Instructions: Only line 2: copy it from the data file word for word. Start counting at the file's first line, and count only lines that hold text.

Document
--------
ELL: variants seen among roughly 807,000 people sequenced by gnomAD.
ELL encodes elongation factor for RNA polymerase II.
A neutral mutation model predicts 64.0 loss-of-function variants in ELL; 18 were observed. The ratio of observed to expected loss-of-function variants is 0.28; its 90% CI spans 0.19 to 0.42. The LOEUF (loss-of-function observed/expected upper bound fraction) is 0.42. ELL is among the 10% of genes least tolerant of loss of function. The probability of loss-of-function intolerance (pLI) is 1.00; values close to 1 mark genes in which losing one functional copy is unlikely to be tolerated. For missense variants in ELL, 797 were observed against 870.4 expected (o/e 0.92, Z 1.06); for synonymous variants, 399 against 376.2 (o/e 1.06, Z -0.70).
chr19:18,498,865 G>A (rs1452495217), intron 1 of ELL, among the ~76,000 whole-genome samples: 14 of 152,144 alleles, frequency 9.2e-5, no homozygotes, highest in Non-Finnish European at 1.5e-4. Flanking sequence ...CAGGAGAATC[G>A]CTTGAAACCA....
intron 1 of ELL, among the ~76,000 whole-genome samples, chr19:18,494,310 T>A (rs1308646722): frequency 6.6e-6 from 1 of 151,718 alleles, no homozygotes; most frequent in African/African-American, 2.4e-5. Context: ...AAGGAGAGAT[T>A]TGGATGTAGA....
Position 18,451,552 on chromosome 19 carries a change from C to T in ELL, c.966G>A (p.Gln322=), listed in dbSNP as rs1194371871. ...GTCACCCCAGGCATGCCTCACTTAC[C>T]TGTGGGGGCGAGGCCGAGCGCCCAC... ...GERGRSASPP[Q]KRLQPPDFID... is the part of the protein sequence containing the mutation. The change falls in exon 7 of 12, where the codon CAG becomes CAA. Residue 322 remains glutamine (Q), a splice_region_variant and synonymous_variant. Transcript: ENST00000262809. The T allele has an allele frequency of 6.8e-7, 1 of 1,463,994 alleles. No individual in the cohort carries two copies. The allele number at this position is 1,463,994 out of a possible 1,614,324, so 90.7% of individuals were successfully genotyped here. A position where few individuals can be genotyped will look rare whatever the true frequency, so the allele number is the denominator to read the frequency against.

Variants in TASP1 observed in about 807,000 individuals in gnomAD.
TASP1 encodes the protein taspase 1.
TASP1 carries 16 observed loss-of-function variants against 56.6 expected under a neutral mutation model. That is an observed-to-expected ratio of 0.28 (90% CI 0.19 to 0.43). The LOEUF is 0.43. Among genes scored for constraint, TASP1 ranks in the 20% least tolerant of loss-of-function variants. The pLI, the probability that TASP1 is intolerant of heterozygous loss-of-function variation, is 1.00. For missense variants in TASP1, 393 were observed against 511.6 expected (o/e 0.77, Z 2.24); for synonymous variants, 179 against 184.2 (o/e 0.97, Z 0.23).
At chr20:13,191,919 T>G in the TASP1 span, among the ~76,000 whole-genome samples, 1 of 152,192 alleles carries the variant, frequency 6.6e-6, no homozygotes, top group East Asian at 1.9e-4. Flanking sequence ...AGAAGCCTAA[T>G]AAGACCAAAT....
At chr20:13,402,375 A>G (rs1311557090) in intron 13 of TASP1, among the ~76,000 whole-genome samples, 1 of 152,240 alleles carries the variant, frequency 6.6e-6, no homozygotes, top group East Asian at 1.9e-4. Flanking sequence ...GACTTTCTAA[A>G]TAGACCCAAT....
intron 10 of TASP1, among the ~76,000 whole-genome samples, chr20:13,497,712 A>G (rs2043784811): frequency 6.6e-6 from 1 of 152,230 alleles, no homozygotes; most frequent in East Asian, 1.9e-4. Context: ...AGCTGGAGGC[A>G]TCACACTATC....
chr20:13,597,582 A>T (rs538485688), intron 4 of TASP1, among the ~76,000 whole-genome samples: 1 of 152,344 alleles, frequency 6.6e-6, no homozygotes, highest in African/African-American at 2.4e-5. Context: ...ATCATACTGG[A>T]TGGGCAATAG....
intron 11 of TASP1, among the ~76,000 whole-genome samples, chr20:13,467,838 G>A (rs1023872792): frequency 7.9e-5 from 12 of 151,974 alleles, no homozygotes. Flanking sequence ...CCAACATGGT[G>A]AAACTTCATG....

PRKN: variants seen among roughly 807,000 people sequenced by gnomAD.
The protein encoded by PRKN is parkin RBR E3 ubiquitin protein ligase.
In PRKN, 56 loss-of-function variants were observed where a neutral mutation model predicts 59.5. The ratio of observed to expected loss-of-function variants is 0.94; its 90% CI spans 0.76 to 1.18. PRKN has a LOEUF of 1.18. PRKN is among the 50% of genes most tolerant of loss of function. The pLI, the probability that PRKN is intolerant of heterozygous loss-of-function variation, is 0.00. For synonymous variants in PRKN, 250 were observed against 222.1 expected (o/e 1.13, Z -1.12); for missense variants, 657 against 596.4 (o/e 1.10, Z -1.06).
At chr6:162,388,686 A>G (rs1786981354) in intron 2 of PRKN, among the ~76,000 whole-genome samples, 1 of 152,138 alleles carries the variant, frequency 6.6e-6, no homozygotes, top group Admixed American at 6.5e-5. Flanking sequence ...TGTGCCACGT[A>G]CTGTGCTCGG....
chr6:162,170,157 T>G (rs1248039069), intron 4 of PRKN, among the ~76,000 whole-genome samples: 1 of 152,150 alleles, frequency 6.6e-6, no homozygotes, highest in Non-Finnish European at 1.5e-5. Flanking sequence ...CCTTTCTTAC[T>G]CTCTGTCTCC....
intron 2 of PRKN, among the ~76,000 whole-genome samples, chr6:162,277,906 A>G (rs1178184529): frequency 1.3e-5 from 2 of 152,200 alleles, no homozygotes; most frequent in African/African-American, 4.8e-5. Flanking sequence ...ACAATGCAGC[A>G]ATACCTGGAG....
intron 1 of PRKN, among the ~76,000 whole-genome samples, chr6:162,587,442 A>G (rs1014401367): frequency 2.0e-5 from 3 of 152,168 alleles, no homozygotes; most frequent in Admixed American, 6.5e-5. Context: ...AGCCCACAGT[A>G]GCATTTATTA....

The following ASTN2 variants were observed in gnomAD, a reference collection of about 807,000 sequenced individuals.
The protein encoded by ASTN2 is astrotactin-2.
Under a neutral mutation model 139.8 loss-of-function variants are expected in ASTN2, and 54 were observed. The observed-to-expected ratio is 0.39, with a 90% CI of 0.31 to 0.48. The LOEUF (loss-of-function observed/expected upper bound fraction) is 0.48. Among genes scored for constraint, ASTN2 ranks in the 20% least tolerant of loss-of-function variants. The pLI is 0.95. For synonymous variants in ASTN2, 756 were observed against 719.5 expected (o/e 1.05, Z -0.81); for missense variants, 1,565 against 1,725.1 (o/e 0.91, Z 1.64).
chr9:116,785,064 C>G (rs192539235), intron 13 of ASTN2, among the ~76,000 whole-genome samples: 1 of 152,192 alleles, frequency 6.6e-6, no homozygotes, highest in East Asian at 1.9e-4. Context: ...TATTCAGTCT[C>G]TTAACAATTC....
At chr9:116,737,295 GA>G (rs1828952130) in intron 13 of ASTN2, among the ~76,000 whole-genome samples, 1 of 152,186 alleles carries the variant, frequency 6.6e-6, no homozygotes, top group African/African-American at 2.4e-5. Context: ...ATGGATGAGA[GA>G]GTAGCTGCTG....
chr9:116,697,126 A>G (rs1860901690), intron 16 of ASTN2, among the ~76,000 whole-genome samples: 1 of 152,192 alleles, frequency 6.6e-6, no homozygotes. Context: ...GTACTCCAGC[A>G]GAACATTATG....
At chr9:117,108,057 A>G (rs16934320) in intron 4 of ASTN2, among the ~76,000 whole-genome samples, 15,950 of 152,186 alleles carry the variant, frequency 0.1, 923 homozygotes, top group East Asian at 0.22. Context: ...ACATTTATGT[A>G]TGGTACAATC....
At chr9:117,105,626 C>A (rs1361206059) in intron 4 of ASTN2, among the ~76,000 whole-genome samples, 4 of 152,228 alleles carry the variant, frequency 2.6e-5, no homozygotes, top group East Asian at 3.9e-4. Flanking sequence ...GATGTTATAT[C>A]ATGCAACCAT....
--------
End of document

ELL encodes elongation factor for RNA polymerase II.